Musical Minds Meet, Mutual Marvels Manifest

The Toure-Raichel Collective - The Tel Aviv Session
The Toure-Raichel Collective

The Tel Aviv Session (Cumbancha CMB-CD-22, 2012)

It happens more and more nowadays. Two musicians from different backgrounds have a chance encounter, make music together and wind up taking it a step further by collaborating on a whole album. Israeli keyboard wizard Idan Raichel and Malian guitar great Vieux Farka Toure are indeed different: Raichel is a Jew who heads up the Idan Raichel Project, a band that works Middle Eastern, African, European and techno music into a big, lush global sound, whereas Toure, a Muslim, specializes in a rockish version of the Saharan desert blues made popular first and foremost by his father, the late Ali Farka Toure. Okay, now that the differences have been laid out, forget about them entirely.

The two first met at an airport in Germany four years ago, had a successful off-the-cuff jam session onstage at the Tel Aviv Opera House in 2010, then went into a studio the next day to see if some of that live energy could be captured on a recording. And boy, did they capture it. With Raichel on acoustic piano and Toure on similarly unplugged guitar, the duo trade off largely improvised riffs, melodies, ideas and creative sparks that somehow emerge as fully realized compositions on this album’s 63 minutes (the session itself reportedly only lasted about three hours).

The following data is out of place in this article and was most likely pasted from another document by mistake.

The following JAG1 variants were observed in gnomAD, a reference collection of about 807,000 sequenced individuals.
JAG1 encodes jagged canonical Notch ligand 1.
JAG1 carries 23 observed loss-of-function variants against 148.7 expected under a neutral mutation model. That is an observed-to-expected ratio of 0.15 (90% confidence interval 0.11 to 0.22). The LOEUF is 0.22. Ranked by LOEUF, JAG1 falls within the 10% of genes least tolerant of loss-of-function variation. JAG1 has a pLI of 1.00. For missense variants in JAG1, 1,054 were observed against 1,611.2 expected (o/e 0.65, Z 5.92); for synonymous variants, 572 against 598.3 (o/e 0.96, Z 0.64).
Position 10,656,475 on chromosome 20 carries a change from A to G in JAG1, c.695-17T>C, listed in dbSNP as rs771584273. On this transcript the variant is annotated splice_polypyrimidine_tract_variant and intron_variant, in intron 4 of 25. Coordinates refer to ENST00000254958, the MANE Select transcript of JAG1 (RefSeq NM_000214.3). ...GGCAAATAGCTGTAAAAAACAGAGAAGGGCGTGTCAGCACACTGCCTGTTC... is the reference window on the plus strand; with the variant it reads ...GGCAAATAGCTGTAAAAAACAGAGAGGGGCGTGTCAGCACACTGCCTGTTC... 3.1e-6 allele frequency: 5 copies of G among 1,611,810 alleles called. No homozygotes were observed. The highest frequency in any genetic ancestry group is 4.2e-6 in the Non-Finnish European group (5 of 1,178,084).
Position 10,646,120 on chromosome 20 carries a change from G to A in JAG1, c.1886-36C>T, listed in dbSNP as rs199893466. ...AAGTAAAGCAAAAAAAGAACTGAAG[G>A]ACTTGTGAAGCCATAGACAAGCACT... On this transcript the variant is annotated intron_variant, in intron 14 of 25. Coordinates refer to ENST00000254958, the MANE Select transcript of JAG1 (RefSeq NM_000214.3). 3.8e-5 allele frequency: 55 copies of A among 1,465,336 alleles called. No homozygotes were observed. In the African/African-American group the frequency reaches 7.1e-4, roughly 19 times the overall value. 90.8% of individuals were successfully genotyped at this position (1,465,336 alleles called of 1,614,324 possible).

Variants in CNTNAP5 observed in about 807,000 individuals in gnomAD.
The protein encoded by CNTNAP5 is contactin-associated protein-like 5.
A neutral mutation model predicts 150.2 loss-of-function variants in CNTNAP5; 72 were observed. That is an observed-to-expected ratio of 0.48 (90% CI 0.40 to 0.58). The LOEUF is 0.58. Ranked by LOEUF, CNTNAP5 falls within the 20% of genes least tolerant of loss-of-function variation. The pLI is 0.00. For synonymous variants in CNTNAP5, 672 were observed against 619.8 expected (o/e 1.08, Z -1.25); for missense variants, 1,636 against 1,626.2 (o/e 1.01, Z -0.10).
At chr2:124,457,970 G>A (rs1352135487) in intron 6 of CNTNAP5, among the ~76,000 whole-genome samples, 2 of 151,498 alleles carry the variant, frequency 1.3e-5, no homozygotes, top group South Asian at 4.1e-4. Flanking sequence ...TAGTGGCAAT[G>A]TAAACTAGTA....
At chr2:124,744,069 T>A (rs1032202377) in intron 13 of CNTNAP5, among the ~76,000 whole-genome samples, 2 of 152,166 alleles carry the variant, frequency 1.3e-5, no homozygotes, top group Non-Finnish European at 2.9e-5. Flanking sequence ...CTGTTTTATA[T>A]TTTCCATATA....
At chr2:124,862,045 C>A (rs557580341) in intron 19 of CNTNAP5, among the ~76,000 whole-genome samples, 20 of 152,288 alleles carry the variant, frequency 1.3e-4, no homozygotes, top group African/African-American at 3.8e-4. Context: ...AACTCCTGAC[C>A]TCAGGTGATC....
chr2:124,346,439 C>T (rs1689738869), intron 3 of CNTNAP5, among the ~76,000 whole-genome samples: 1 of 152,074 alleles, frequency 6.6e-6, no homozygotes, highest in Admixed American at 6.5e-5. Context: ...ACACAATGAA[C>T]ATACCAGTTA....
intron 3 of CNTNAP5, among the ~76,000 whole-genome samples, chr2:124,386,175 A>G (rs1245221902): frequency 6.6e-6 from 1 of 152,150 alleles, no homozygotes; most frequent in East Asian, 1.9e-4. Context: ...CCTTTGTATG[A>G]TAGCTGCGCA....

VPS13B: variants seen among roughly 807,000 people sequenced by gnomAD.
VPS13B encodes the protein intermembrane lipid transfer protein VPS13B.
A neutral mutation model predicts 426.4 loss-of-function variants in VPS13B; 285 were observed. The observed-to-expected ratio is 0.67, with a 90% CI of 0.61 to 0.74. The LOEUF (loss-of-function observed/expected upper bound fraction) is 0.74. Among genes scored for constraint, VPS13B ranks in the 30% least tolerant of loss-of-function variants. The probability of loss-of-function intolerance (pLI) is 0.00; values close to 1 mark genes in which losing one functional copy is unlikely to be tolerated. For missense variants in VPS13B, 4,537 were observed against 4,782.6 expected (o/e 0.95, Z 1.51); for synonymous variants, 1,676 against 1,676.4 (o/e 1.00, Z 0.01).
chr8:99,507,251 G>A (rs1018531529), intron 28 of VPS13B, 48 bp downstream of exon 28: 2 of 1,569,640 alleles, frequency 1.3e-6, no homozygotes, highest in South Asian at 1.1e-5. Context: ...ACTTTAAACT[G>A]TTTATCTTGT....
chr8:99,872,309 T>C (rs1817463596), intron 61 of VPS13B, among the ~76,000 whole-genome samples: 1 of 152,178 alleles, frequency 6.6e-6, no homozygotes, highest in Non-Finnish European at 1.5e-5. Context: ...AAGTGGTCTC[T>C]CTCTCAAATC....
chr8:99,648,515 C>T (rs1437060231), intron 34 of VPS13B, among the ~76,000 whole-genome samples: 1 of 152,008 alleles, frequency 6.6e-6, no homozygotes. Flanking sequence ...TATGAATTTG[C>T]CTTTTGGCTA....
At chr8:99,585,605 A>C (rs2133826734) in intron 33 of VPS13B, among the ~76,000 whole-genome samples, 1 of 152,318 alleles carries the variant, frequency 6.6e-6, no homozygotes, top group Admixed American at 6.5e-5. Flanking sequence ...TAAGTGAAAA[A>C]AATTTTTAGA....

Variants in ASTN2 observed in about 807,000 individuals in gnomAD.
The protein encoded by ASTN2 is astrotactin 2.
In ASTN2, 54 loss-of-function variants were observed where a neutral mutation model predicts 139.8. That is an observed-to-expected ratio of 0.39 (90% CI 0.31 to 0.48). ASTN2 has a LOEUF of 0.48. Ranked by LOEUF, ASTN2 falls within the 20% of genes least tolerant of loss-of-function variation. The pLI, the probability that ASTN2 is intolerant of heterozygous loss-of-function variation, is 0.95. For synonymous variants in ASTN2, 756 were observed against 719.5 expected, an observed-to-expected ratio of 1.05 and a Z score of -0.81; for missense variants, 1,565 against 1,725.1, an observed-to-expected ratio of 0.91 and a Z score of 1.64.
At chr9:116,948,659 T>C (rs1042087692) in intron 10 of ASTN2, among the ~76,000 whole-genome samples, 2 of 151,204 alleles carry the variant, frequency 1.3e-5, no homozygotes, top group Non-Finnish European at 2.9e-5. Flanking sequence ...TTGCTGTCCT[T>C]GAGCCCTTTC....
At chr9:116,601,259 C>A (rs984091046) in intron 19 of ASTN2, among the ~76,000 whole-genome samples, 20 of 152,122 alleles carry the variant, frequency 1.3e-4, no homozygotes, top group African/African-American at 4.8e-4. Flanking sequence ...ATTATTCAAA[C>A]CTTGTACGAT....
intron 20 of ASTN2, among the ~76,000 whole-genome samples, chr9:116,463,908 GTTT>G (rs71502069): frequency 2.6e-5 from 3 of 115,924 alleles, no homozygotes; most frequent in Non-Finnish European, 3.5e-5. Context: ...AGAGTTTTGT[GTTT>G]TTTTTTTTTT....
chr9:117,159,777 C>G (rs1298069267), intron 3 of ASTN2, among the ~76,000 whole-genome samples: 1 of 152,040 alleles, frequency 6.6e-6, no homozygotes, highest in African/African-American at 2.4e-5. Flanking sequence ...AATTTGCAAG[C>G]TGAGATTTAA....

Accompanied by noted Israeli bassist Yossi Fine and Toure’s percussionist Souleymane Kane on calabash, the music moves through moods and textures taken primarily from Toure’s area of expertise, though Raichel’s piano playing (which includes plucking the instrument’s strings in kora-like fashion) adds many a dimension. After the initial round of recording, Raichel set about honing the pieces production-wise, bringing in members of his own band to contribute vocals, tar (Persian lute), kamancheh (Central Asian fiddle) and harmonica in a few spots. As a result, The Tel Aviv Session builds upon the inspired spontaneity of the core foursome to include bluesy jamming, Ethiopian modality, delicate chamber music-like excursions and shared creativity by the bucket load. This is one glorious album, and you can expect to hear a lot more about it.

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